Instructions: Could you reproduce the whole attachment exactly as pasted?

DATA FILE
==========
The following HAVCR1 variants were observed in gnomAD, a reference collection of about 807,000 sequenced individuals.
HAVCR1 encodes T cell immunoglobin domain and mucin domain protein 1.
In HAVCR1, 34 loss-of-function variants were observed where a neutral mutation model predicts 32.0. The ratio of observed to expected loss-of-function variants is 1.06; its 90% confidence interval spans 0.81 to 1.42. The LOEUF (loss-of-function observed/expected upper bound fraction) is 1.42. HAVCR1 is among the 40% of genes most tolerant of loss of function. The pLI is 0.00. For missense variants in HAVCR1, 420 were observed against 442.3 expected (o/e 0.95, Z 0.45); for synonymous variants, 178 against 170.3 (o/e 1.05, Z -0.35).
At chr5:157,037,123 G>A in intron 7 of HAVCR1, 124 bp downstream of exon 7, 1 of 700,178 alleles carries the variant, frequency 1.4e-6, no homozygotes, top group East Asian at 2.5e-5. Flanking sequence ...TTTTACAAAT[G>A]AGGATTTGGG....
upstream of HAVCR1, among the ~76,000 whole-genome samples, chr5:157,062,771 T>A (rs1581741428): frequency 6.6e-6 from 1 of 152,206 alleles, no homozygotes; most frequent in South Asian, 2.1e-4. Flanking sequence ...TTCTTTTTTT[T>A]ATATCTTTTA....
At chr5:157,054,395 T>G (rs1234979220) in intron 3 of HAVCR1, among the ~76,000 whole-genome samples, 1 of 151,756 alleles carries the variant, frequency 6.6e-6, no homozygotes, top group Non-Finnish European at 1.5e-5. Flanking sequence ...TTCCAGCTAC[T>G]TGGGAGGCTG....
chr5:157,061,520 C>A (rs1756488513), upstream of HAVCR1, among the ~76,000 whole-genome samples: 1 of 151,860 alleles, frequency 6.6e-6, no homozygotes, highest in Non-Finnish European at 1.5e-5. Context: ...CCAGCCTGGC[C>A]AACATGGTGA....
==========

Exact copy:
The following HAVCR1 variants were observed in gnomAD, a reference collection of about 807,000 sequenced individuals.
HAVCR1 encodes T cell immunoglobin domain and mucin domain protein 1.
In HAVCR1, 34 loss-of-function variants were observed where a neutral mutation model predicts 32.0. The ratio of observed to expected loss-of-function variants is 1.06; its 90% confidence interval spans 0.81 to 1.42. The LOEUF (loss-of-function observed/expected upper bound fraction) is 1.42. HAVCR1 is among the 40% of genes most tolerant of loss of function. The pLI is 0.00. For missense variants in HAVCR1, 420 were observed against 442.3 expected (o/e 0.95, Z 0.45); for synonymous variants, 178 against 170.3 (o/e 1.05, Z -0.35).
At chr5:157,037,123 G>A in intron 7 of HAVCR1, 124 bp downstream of exon 7, 1 of 700,178 alleles carries the variant, frequency 1.4e-6, no homozygotes, top group East Asian at 2.5e-5. Flanking sequence ...TTTTACAAAT[G>A]AGGATTTGGG....
upstream of HAVCR1, among the ~76,000 whole-genome samples, chr5:157,062,771 T>A (rs1581741428): frequency 6.6e-6 from 1 of 152,206 alleles, no homozygotes; most frequent in South Asian, 2.1e-4. Flanking sequence ...TTCTTTTTTT[T>A]ATATCTTTTA....
At chr5:157,054,395 T>G (rs1234979220) in intron 3 of HAVCR1, among the ~76,000 whole-genome samples, 1 of 151,756 alleles carries the variant, frequency 6.6e-6, no homozygotes, top group Non-Finnish European at 1.5e-5. Flanking sequence ...TTCCAGCTAC[T>G]TGGGAGGCTG....
chr5:157,061,520 C>A (rs1756488513), upstream of HAVCR1, among the ~76,000 whole-genome samples: 1 of 151,860 alleles, frequency 6.6e-6, no homozygotes, highest in Non-Finnish European at 1.5e-5. Context: ...CCAGCCTGGC[C>A]AACATGGTGA....